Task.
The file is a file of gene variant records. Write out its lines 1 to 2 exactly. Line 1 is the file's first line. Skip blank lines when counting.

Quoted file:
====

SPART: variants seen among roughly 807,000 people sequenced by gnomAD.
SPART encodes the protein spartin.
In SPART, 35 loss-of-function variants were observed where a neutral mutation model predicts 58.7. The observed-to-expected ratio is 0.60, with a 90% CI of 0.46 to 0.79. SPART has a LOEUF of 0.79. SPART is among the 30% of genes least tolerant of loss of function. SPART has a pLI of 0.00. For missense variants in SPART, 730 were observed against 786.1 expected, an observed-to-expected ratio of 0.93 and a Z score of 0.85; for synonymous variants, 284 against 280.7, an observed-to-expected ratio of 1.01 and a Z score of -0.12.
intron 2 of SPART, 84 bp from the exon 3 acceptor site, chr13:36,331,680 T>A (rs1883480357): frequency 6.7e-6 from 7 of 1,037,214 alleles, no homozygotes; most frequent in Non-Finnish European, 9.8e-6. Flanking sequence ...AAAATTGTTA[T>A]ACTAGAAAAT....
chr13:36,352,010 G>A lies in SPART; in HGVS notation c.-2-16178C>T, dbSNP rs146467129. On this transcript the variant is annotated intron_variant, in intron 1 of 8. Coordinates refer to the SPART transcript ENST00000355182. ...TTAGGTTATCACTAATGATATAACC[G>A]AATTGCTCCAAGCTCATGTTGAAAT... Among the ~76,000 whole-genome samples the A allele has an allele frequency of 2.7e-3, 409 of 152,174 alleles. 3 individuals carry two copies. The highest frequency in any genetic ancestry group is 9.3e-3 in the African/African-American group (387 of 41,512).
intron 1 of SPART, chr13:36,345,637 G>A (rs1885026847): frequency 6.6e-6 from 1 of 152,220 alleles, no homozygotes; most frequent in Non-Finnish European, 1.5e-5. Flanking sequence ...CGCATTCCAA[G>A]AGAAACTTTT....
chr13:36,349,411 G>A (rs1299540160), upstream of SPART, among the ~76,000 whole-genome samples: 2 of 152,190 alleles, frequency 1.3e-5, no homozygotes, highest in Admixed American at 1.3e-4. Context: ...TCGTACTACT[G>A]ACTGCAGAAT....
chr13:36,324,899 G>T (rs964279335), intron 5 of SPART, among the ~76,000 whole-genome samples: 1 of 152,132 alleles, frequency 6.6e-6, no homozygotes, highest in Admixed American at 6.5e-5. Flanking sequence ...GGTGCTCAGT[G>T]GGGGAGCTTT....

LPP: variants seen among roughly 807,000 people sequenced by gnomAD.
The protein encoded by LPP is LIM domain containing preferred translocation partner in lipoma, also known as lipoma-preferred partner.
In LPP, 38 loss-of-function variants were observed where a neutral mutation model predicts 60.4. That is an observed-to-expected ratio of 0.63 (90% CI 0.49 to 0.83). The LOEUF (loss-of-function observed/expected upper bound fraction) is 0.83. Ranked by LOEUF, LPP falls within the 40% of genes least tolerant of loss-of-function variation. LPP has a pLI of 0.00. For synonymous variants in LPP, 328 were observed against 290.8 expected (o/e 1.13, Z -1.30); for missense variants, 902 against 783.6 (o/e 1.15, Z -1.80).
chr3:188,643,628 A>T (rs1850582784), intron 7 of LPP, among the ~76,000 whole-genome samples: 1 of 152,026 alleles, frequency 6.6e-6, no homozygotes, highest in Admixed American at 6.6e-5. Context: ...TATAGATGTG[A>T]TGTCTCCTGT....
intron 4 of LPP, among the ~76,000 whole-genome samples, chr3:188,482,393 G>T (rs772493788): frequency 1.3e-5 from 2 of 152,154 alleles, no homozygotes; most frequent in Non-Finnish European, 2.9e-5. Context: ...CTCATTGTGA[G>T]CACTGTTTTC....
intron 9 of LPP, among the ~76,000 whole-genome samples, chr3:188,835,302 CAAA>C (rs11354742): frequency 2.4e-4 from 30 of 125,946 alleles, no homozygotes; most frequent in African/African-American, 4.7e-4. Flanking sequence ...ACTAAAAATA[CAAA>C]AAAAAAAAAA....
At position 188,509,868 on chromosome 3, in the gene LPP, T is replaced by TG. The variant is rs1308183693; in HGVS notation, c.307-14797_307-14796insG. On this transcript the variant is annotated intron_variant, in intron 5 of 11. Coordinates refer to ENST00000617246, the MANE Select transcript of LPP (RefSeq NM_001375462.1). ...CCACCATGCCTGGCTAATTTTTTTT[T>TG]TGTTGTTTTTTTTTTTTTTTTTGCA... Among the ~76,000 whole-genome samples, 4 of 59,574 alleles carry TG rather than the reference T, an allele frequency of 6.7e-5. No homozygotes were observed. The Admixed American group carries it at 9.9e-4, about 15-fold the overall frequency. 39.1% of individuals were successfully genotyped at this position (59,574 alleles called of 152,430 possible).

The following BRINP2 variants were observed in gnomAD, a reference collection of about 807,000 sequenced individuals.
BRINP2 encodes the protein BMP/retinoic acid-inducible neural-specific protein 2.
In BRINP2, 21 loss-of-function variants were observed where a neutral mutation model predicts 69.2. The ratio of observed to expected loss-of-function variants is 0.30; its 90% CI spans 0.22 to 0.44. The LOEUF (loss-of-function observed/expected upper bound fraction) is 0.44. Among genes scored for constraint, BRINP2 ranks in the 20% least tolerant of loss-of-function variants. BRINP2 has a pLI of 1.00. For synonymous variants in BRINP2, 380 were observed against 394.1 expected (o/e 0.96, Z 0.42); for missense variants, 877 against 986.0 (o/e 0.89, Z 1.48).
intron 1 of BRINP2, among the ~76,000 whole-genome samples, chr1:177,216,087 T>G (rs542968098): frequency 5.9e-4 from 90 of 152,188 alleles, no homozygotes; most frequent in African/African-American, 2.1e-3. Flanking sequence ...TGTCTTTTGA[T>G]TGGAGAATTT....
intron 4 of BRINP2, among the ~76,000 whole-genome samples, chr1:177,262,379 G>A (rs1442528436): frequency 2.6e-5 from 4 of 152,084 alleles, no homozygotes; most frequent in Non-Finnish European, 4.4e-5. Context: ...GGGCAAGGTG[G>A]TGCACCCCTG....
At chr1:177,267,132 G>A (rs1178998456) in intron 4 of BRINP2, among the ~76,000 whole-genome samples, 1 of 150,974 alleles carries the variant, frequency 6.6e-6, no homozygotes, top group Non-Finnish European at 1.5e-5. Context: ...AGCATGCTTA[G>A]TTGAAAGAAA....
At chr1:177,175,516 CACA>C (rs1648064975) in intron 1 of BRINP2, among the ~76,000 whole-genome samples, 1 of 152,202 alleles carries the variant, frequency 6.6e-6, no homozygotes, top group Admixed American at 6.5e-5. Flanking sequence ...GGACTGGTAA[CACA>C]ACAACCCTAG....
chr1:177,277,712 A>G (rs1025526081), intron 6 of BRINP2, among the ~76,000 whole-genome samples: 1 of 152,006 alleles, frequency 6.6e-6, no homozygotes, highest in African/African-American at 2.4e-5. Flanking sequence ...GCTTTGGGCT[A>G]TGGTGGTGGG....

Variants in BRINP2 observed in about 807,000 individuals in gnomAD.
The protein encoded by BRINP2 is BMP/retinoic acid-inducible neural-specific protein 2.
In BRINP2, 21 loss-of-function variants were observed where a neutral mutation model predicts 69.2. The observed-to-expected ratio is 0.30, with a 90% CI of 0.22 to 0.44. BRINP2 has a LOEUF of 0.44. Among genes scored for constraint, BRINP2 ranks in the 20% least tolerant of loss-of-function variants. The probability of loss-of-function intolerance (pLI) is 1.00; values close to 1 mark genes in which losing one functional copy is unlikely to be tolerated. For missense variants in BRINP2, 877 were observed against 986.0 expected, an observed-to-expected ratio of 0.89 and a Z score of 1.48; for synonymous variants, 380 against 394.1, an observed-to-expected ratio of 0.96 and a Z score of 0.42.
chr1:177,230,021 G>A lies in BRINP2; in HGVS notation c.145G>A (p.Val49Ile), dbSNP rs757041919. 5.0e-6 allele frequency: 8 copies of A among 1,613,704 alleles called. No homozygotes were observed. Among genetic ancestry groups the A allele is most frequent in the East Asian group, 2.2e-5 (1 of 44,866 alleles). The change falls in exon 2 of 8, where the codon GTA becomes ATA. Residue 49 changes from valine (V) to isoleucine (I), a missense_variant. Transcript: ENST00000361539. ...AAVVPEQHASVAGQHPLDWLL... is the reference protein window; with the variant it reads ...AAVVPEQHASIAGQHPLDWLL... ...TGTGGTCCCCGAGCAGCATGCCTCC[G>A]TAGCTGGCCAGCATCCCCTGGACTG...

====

SPART: variants seen among roughly 807,000 people sequenced by gnomAD.
SPART encodes the protein spartin.